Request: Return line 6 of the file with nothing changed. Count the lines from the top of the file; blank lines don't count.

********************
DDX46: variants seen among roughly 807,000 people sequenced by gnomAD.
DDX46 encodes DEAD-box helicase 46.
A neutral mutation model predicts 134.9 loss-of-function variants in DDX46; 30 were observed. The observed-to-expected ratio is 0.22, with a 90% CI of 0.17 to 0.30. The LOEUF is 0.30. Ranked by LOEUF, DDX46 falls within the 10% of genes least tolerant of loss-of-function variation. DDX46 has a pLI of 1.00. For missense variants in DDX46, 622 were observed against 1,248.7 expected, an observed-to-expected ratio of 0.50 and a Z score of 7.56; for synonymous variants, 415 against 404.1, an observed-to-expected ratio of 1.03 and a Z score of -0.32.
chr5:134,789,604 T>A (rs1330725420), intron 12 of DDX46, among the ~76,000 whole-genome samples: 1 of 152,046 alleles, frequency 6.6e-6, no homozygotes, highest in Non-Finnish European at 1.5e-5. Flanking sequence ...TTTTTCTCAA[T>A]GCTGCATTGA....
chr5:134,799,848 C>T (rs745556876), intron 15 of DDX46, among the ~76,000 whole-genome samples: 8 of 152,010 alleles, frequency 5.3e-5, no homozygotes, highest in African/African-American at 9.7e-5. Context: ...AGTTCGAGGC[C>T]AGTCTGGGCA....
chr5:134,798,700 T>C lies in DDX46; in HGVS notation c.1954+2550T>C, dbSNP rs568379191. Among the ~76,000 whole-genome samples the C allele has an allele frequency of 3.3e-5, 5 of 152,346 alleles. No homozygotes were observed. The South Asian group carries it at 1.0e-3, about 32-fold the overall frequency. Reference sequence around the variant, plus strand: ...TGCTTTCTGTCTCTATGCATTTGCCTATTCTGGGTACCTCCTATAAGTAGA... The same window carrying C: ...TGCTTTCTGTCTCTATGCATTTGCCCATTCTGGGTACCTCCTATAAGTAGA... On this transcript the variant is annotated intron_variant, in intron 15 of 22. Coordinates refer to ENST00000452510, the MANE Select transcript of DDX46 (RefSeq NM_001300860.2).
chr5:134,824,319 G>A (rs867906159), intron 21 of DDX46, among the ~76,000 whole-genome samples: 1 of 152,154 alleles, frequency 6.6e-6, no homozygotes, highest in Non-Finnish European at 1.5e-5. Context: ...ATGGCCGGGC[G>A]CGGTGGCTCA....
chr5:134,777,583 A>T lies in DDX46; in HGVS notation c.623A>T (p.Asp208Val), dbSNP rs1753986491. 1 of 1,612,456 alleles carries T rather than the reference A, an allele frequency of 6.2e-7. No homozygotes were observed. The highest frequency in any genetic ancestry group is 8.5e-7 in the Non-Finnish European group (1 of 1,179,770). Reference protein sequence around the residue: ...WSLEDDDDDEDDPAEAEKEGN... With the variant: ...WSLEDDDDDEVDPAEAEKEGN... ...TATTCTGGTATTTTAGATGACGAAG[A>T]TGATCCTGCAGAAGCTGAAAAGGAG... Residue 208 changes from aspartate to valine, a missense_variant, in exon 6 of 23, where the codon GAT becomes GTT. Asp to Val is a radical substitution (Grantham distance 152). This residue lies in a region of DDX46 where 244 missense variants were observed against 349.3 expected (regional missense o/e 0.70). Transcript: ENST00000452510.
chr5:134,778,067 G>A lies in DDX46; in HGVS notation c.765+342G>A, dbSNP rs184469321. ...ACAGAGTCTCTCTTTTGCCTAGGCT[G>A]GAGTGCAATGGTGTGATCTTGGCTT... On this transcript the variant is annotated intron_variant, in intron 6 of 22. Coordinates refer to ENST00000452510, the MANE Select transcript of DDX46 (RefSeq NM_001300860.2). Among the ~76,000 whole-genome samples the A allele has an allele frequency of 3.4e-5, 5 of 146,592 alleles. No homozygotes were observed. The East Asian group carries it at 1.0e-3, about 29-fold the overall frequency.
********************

chr5:134,798,700 T>C lies in DDX46; in HGVS notation c.1954+2550T>C, dbSNP rs568379191. Among the ~76,000 whole-genome samples the C allele has an allele frequency of 3.3e-5, 5 of 152,346 alleles. No homozygotes were observed. The South Asian group carries it at 1.0e-3, about 32-fold the overall frequency. Reference sequence around the variant, plus strand: ...TGCTTTCTGTCTCTATGCATTTGCCTATTCTGGGTACCTCCTATAAGTAGA... The same window carrying C: ...TGCTTTCTGTCTCTATGCATTTGCCCATTCTGGGTACCTCCTATAAGTAGA... On this transcript the variant is annotated intron_variant, in intron 15 of 22. Coordinates refer to ENST00000452510, the MANE Select transcript of DDX46 (RefSeq NM_001300860.2).